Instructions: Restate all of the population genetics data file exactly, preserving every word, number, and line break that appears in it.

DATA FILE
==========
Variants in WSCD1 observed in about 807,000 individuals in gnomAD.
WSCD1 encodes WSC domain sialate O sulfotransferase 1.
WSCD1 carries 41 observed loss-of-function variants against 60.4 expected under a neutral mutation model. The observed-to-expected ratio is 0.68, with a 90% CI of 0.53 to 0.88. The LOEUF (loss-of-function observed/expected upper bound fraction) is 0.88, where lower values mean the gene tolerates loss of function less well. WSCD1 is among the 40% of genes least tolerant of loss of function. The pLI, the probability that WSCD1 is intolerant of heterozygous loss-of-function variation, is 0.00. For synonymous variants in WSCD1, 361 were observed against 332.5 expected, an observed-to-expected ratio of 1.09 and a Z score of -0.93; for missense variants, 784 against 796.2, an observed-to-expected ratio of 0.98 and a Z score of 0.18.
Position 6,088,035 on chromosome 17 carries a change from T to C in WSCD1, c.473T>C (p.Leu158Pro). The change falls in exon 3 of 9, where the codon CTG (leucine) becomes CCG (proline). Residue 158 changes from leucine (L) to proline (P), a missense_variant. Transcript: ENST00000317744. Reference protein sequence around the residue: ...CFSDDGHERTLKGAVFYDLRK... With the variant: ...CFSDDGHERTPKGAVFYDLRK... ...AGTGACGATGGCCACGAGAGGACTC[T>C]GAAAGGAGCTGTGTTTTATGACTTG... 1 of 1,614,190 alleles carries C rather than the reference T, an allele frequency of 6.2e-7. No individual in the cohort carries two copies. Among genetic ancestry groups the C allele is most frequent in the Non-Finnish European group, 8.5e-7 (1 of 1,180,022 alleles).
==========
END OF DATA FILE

Variants in WSCD1 observed in about 807,000 individuals in gnomAD.
WSCD1 encodes WSC domain sialate O sulfotransferase 1.
WSCD1 carries 41 observed loss-of-function variants against 60.4 expected under a neutral mutation model. The observed-to-expected ratio is 0.68, with a 90% CI of 0.53 to 0.88. The LOEUF (loss-of-function observed/expected upper bound fraction) is 0.88, where lower values mean the gene tolerates loss of function less well. WSCD1 is among the 40% of genes least tolerant of loss of function. The pLI, the probability that WSCD1 is intolerant of heterozygous loss-of-function variation, is 0.00. For synonymous variants in WSCD1, 361 were observed against 332.5 expected, an observed-to-expected ratio of 1.09 and a Z score of -0.93; for missense variants, 784 against 796.2, an observed-to-expected ratio of 0.98 and a Z score of 0.18.
Position 6,088,035 on chromosome 17 carries a change from T to C in WSCD1, c.473T>C (p.Leu158Pro). The change falls in exon 3 of 9, where the codon CTG (leucine) becomes CCG (proline). Residue 158 changes from leucine (L) to proline (P), a missense_variant. Transcript: ENST00000317744. Reference protein sequence around the residue: ...CFSDDGHERTLKGAVFYDLRK... With the variant: ...CFSDDGHERTPKGAVFYDLRK... ...AGTGACGATGGCCACGAGAGGACTC[T>C]GAAAGGAGCTGTGTTTTATGACTTG... 1 of 1,614,190 alleles carries C rather than the reference T, an allele frequency of 6.2e-7. No individual in the cohort carries two copies. Among genetic ancestry groups the C allele is most frequent in the Non-Finnish European group, 8.5e-7 (1 of 1,180,022 alleles).